Sometime about April, 1952, defendants Leon and Fannie Goldberg, husband and wife, hereinafter referred to as the Goldbergs, with information and knowledge of the escrow and of the agreement between Parker and plaintiffs, went to the latter and offered them $1,000, profit if they would, in effect, let the Goldbergs buy the property in question. This offer was refused by plaintiffs.

On April 23, 1952, Parker wrote a letter to the escrow holder wherein he repudiated the agreement. He wrote: "Please cancel Escrow #351408 as it serves no practical purpose since it is for 6 mos duration & I have no time to close my affairs before I reenter service.

"Mr. Hackius promised action in 30 days after escrow date & has failed to keep his promise. This leaves me with no time & consequently no further benefits to be gained."

The Goldbergs then purchased the property from Parker. An escrow was set up in the Inglewood Escrow Company on May 8, 1952, between Parker and the Goldbergs, and a deposit of $100 was made and the escrow was closed on July 9, 1952, the price being $5,800. On the latter date the deed was recorded from Parker to Goldberg.

A complaint was filed by plaintiffs on September 10, 1952, at which time they did not know that Parker had sold the property to the Goldbergs. Upon learning of the latter sale, and the facts and circumstances surrounding it, plaintiffs promptly filed an amended complaint on November 25, 1952, wherein it was alleged that the Goldbergs' purchase from Parker was with full knowledge of plaintiffs' contract, and [149 Cal. App. 2d 625] that the Goldbergs conspired with Parker to breach the contract and convey the property to them, instead of to plaintiffs.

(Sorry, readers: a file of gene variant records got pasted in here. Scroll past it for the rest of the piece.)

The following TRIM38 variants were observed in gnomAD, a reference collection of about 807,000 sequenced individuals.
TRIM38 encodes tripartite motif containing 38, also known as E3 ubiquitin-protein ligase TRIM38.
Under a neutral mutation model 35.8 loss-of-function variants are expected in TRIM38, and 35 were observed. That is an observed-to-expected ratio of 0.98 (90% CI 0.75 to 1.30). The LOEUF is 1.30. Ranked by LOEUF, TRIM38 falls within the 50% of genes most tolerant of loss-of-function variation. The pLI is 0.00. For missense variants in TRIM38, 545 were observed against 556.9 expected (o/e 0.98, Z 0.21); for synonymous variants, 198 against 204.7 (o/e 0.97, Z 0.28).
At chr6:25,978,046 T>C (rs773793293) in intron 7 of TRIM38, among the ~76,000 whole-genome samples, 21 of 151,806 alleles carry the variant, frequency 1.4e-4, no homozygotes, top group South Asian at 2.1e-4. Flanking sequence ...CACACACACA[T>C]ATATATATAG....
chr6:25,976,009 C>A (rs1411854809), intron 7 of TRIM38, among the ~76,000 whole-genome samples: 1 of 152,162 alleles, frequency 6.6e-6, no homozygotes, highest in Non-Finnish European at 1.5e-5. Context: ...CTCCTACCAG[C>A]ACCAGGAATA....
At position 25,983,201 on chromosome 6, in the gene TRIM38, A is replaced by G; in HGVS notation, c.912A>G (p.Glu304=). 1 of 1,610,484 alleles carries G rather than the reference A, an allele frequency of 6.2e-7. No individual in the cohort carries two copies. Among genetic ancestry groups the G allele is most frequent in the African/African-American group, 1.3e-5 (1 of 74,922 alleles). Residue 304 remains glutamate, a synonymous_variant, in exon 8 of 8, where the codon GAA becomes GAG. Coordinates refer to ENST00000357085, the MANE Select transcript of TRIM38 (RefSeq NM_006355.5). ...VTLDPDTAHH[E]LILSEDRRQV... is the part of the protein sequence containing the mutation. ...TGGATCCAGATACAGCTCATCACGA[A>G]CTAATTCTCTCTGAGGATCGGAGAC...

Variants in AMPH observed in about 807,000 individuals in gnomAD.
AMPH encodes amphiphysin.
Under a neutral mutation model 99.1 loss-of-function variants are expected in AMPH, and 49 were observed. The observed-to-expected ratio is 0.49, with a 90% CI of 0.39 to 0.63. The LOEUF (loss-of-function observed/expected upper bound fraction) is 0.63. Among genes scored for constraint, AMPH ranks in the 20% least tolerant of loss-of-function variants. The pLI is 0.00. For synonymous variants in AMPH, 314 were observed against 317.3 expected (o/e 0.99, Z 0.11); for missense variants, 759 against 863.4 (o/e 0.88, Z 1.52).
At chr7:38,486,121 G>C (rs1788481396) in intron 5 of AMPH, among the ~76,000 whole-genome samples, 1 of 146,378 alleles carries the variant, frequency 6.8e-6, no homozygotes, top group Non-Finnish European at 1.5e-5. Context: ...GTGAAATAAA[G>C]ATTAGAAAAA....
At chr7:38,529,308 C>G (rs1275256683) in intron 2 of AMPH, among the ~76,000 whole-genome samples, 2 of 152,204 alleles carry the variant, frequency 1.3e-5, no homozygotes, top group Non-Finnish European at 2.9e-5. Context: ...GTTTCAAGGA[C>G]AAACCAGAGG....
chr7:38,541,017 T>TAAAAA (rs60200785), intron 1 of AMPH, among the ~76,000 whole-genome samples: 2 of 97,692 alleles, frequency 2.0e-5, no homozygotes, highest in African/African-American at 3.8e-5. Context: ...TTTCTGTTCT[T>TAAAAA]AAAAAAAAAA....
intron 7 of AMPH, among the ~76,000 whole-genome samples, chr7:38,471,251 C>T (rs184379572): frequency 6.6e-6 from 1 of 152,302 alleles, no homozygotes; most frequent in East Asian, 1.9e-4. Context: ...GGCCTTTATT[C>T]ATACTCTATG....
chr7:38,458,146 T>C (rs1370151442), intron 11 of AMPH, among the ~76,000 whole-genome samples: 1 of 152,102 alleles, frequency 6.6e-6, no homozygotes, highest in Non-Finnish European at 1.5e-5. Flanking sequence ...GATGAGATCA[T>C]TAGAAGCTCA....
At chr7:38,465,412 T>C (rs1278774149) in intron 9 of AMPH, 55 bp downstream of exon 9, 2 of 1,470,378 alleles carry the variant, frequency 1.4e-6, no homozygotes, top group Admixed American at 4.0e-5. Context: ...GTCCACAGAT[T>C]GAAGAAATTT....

There was a motion by the Goldbergs for a judgment on the pleadings, which was granted, and upon appeal that judgment was reversed (Caras v. Parker, 131 Cal.App.2d 141), the court stating, at page 142 [280 P.2d 226]: "If the facts alleged can be proved, plaintiffs are entitled to specific performance of their contract as against them all."

Plaintiffs alleged in their complaint the performance of all the conditions to be performed by them, and the answer of the Goldbergs denied the same.

At the trial, appellants made an offer of proof to the effect that plaintiffs had never fulfilled the condition set forth in the escrow in that the approval of the city of Manhattan Beach had never been obtained for the division of the property into eight lots and that there had been no waiver of that condition. The offer of proof was denied.